Microsoft has released official details of .Net focused certifications for developers, but admits the full schedule of exams won't be available until February next year.
The software giant has announced its Microsoft Certified Solution Developer (MCSD) credential for .Net skills, including the first compulsory exam in architecture design for enterprise level development projects.
A new lower level certification track for developers - Microsoft Certified Application Developer (MCAD) - will target developers who code, test and debug department-level applications, but without the need for systems architecture expertise.
But although over 40 Microsoft Certified Technical Education Centres (CTEC's) offer classes focused on developer and .Net technologies, industry experts are unconvinced that widespread take-up of the new .Net track is on the cards.
"The big issue is that developers don't train and they certainly don't certify," said Alan Bellinger, sales and marketing director of boot camp training and certification specialist Wave Technologies.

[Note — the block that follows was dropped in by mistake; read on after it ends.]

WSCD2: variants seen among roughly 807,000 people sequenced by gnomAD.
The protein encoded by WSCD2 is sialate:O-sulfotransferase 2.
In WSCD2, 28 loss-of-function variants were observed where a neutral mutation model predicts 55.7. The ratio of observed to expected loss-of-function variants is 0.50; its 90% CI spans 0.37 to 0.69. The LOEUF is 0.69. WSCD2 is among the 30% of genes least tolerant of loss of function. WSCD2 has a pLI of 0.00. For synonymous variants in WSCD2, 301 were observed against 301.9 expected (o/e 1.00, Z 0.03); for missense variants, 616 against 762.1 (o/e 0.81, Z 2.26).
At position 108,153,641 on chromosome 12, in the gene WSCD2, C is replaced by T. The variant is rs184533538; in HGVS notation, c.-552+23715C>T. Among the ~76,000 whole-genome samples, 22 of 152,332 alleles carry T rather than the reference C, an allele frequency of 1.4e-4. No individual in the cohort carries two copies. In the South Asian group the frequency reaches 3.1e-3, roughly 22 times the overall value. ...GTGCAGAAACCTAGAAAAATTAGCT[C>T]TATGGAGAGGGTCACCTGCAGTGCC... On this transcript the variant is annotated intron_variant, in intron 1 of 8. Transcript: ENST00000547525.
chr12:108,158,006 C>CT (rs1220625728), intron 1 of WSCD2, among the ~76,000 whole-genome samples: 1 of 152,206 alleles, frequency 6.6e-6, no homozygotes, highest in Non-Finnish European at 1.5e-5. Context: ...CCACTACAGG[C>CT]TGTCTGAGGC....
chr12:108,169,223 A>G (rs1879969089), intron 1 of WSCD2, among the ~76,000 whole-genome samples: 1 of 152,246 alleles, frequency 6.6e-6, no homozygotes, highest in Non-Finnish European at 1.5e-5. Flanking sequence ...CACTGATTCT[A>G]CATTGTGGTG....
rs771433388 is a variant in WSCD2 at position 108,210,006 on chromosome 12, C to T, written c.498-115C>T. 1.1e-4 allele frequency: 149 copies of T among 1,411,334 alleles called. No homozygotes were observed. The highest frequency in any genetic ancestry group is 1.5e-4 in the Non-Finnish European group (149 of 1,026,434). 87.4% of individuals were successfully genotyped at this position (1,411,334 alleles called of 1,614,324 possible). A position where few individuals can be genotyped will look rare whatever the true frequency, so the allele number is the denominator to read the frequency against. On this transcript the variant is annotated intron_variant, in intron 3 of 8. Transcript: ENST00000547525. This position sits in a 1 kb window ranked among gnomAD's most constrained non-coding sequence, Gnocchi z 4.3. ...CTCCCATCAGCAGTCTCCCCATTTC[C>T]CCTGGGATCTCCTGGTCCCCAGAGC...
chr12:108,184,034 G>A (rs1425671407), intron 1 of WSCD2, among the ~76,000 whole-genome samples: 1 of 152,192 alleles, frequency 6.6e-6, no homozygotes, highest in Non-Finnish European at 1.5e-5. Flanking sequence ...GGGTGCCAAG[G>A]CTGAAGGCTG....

Figures presented to Microsoft CTECs by the vendor show that only about 1,500 MCSD's have been awarded in the UK, compared to 24,000 MCSEs."It's not valued so much and developers tend to rely on instinct. There's no perceived value in the marketplace," Bellinger warned.
But widespread interest in .Net combined with fundamental differences in the technology would encourage more developers to consider certification for the first time, Bellinger said.
One West London based web development specialist told vnunet.com that although existing developers wouldn't have a problem working with .Net code, the architecture of .Net was a different kettle of fish.
".Net will be a major change for people who were in the legacy world and therefore this is much more a reskilling issue. A lot of people will say if I want to keep a job over the next ten years I'll have to invest in .Net training," Bellinger said.
The MCSD certification on .Net will run concurrently with the existing MCSD certification and current MCSDs will not have to upgrade to the .Net track to remain certified. The first exams are expected to be available in June.
"Whether it be Microsoft technology or any other, it's well known that development professionals learn on the job. But this is about providing a benchmark in the industry and giving individuals the confidence to go out and talk to prospective employers," said Microsoft skills manager Ayesha Okhai.
Microsoft has also set up two new online services, the MSDN Online Concierge and MSDN-managed newsgroups, to support developers as they use Visual Studio .Net and the .Net Framework to build applications and XML web services.
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